Courtesy of the CBC
Woody Allen famously dubbed them “rats with wings,” and we all more or less agree: when it comes to pigeons, everyone’s a hater. They’re filthy disease carriers! Parasites of the urban environment! Dumber than chickens!
Not so, says award-winning Toronto-based filmmaker Scott Harper, and he’s setting the record straight in his documentary The Secret Life of Pigeons, airing Thursday November 20 on CBC’s The Nature of Things.
“They can recognize an individual by their face alone,” says Harper, revealing just one of the surprising pigeon truths revealed in his film. The birds are actually highly intelligent, and can differentiate between the nice old lady bringing a bag of corn to share and the mean old witch ready to beat them off with a stick, just by examining their facial features.
Pigeons also have a very long and surprisingly amicable history with humans. Domesticated as far back as ancient Egypt, pigeons have served man as a mode of communication, a tasty snack, a form of entertainment and even as a medium for studying brain chemistry.
Carrier pigeons saved thousands of lives during WWI, and were as close to a walkie talkie as guys like Genghis Khan were going to get.
Pigeon races were once a popular pass time, and though they don’t draw a crowd like they once did, the Queen and Prince Charles continue to keep racing pigeons, and there are still races held as nearby as Bradford, Ontario.
Then there is the world of the pigeon fancier — individuals who breed pigeons for show. Yes, it’s a thing that exists, and we suggest you Google it (to see many photos of grown men — including Mike Tyson — holding their beloved pigeons).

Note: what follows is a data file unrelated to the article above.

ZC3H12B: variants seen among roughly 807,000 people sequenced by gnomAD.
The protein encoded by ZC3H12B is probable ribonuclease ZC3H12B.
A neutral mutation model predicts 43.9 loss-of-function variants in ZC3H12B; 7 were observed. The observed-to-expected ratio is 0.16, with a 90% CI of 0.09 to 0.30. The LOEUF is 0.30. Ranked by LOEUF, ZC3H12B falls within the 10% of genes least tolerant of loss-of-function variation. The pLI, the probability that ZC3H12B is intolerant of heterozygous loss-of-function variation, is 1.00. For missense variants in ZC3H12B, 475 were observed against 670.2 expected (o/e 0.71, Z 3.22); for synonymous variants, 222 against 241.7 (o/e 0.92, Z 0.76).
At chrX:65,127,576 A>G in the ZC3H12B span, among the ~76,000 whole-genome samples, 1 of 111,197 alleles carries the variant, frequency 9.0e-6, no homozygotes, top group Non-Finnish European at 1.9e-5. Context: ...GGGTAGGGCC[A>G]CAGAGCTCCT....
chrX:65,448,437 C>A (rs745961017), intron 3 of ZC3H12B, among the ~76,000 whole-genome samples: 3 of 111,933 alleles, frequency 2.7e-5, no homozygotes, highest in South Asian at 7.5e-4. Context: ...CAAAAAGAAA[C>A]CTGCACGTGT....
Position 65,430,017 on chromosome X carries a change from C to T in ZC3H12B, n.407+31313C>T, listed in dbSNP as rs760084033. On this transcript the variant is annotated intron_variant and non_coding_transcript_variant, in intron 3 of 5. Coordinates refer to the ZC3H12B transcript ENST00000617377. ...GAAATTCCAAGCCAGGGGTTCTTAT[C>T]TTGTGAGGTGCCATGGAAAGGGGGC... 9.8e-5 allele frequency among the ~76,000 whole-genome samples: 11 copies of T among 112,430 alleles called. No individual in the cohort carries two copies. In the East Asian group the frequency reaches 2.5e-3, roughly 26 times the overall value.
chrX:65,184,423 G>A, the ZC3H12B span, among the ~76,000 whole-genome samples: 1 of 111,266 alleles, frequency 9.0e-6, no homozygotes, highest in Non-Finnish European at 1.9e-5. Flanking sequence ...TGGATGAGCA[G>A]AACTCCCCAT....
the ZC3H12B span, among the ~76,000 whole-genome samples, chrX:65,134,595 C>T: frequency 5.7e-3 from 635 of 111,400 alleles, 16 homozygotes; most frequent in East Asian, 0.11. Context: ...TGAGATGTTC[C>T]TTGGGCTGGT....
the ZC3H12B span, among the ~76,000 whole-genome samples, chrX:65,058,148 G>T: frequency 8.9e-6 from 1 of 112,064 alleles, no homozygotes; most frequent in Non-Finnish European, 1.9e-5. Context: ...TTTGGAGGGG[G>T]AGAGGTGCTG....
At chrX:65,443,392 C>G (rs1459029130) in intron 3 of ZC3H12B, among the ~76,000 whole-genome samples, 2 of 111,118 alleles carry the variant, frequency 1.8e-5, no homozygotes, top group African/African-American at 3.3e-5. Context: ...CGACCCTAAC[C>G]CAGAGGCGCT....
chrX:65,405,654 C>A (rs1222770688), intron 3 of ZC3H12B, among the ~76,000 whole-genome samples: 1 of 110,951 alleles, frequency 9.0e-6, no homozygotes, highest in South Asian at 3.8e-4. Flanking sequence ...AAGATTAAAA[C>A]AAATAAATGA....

And because pigeons form and then lose memory in a manner remarkably similar to humans, scientists use the birds in Alzheimer’s research and testing.
But perhaps the most surprising fact revealed about these ubiquitous birds is that they continue to exist at all.
“It’s amazing how these birds have survived in a place where they are really not wanted,” says Harper. The story of the urban pigeon actually turns out to be a rather heartbreaking one. Because they are domesticated animals that have found themselves homeless, they don’t feed on anything natural, and so must surviving on little more than refuse and what the odd pigeon lover leaves for them. In fact, says Harper, when someone who regularly feeds the neighbourhood pigeons stop doing so, that whole flock will likely die. “They made feeding pigeons in London’s Trafalgar Square illegal,” says Harper, “and now there are no pigeons in Trafalgar Square.”
And what is a city without its winged rats? Wait, don’t answer that.
The Secret Life of Pigeons airs this Thursday, November 20 at 8 pm on CBC Television’s The Nature of Things.